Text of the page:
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kamikrazy's Avatar

05.11.2012 , 11:27 AM | #1
Hello all. I haven't posted much on these forums but I wanted to share my strategies and thoughts on the Alderaan Civil War Warzone.

UPDATE: I am refreshing this guide (August 2, 2013)

Here is a crude layout of the map:




The most basic element to understand about this WZ is that there are three turrets, and each turret that your team owns will reduce your enemy's points. The points start at 600 for each team and a team will lose once they reach 0 points. The object of the warzone is to own at least two turrets (if both teams are evenly balanced, taking three turrets is extremely difficult).

When the warzone first starts, there are two speeders that both will take you to mid. If your team owns a side node, a speeder will appear in the spawn area that will take you there directly (this is subject to change)

Without a plan, your team will probably be doomed to failure. It really is that simple. However, what's more important than a plan is being adaptable.

For all intents and purposes of this guide, I will assume that your team consists of objective-minded players.

Some argue that the opening is the most important part of the game. This is certainly the case in ranked matches since whichever team can cap their side-node generally has the advantage. What is important is to have a plan and to be able to react to what you see the enemy executing.

For example, I like going with a balanced 2-4-2 attack as an opener in regular matches. As everyone hops on the speeders and flies in, I am keeping my eye on the enemy players across the map to see which way they are going. If I see them flooding left, I will announce this and divert the 2 left players since they won't be able to overpower the 4 going left. This also means the enemy is spread thin in other places. Communication is key here since Knowledge is Power™!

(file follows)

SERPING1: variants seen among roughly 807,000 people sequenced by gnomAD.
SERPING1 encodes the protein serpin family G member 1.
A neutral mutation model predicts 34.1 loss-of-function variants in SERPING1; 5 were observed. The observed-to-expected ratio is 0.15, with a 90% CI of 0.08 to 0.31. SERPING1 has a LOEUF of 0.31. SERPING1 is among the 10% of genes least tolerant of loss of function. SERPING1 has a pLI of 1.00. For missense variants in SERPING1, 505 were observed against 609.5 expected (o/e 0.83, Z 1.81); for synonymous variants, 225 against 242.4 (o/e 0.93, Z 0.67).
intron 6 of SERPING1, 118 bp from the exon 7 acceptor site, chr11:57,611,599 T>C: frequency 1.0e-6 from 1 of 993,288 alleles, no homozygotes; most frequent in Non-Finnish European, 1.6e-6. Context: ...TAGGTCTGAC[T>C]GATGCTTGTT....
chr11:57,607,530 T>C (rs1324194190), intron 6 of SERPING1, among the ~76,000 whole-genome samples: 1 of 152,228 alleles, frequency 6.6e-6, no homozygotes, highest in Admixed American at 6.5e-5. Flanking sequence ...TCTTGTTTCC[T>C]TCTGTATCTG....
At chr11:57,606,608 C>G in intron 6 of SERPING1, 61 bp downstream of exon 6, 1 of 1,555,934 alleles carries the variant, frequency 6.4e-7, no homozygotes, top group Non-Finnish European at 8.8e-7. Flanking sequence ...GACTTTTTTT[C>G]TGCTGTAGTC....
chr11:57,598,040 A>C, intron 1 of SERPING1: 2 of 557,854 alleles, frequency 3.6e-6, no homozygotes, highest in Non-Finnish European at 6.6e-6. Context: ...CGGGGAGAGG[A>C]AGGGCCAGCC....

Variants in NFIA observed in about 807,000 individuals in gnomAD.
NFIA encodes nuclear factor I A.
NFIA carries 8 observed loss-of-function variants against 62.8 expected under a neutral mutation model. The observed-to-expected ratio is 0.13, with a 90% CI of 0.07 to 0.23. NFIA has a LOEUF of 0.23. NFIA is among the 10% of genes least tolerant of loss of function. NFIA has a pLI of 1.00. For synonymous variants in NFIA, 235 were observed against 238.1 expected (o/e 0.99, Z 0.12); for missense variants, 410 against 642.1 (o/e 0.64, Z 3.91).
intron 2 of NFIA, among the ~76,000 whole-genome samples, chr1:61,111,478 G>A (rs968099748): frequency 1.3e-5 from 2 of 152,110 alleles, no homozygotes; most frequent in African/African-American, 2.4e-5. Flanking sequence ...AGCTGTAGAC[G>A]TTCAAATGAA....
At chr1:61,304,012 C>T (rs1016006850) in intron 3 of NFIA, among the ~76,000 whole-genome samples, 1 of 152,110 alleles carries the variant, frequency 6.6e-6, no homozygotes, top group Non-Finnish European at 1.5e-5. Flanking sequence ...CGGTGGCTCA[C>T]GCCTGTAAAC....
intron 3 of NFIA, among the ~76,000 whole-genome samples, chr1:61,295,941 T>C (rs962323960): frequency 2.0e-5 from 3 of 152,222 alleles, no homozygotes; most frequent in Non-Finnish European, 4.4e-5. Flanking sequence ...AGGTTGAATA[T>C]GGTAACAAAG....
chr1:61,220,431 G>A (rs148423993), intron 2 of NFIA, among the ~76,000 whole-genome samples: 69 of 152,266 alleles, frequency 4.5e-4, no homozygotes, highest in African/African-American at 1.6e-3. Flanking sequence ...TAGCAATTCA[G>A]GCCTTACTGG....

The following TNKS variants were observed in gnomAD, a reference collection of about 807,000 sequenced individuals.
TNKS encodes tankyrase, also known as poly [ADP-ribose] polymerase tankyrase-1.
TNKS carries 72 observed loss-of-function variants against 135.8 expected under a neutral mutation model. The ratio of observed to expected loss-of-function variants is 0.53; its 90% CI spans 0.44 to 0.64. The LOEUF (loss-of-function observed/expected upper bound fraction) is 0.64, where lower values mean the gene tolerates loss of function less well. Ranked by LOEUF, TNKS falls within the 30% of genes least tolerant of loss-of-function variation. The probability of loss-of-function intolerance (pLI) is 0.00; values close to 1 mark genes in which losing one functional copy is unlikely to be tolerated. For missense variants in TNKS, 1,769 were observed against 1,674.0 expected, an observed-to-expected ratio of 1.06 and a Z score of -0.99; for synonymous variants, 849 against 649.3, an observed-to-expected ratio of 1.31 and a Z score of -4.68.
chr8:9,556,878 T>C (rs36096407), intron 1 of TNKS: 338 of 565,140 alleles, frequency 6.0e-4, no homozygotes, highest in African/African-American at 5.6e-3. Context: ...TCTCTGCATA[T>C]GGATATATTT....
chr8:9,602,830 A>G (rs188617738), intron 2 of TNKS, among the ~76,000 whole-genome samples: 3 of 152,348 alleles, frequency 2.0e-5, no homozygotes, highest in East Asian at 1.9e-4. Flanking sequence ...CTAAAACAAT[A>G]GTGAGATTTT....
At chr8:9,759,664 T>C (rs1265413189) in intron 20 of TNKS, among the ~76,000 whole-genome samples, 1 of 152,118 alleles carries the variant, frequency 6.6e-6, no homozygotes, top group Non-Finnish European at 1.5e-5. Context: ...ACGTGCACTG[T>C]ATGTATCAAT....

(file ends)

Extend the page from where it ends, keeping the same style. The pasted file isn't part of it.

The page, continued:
What you must try to figure out is how many the enemy team is sending to each node so you can better understand how many of your own team will be needed. However, I have seen this scenario play out far too often:

Our team pushes 2-4-2 and eventually we capture both sides. Mid is still contested, respawns are told to go to either side to defend. The enemy caps mid, then start pushing for Left with 3 players. One of the four players there will call out for help and then 1-2 of your teammates leave Right to bolster Left. 4 of the enemy players hit the 2-3 remaining players at Right. They then call out for help but by the time your teammates arrive, the enemy have already capped Right and are now sitting in Mid and Right.

I'm sure many of you have seen similar situations. This is why it's incredibly important for the team to know where as many of the enemy players are at a given time. Educated guesses have to be made about stealthers. Knowing their positions will give you the initiative in repelling an attack or preparing for their counter-attack. The team in that scenario did the correct thing by calling out, but they should also indicate how many enemies are attacking them and whether they are likely to need help.